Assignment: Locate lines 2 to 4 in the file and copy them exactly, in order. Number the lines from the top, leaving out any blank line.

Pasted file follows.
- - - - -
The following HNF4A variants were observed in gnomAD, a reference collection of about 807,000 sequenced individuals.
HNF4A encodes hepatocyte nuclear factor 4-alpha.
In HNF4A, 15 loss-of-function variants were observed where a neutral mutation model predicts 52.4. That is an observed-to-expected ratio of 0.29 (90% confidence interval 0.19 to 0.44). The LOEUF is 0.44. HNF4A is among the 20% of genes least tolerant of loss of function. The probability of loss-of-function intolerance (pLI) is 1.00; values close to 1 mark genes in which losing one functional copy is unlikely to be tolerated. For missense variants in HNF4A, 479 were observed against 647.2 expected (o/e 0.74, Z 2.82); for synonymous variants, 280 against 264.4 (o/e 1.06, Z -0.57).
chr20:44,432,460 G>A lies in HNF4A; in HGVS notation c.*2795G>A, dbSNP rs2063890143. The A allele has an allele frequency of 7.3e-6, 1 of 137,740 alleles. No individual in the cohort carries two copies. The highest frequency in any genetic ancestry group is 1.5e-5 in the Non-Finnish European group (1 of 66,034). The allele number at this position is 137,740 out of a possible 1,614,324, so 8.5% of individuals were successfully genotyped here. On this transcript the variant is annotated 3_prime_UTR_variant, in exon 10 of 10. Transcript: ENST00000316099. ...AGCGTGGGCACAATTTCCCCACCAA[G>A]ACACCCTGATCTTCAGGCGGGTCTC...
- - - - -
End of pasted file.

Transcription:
HNF4A encodes hepatocyte nuclear factor 4-alpha.
In HNF4A, 15 loss-of-function variants were observed where a neutral mutation model predicts 52.4. That is an observed-to-expected ratio of 0.29 (90% confidence interval 0.19 to 0.44). The LOEUF is 0.44. HNF4A is among the 20% of genes least tolerant of loss of function. The probability of loss-of-function intolerance (pLI) is 1.00; values close to 1 mark genes in which losing one functional copy is unlikely to be tolerated. For missense variants in HNF4A, 479 were observed against 647.2 expected (o/e 0.74, Z 2.82); for synonymous variants, 280 against 264.4 (o/e 1.06, Z -0.57).
chr20:44,432,460 G>A lies in HNF4A; in HGVS notation c.*2795G>A, dbSNP rs2063890143. The A allele has an allele frequency of 7.3e-6, 1 of 137,740 alleles. No individual in the cohort carries two copies. The highest frequency in any genetic ancestry group is 1.5e-5 in the Non-Finnish European group (1 of 66,034). The allele number at this position is 137,740 out of a possible 1,614,324, so 8.5% of individuals were successfully genotyped here. On this transcript the variant is annotated 3_prime_UTR_variant, in exon 10 of 10. Transcript: ENST00000316099. ...AGCGTGGGCACAATTTCCCCACCAA[G>A]ACACCCTGATCTTCAGGCGGGTCTC...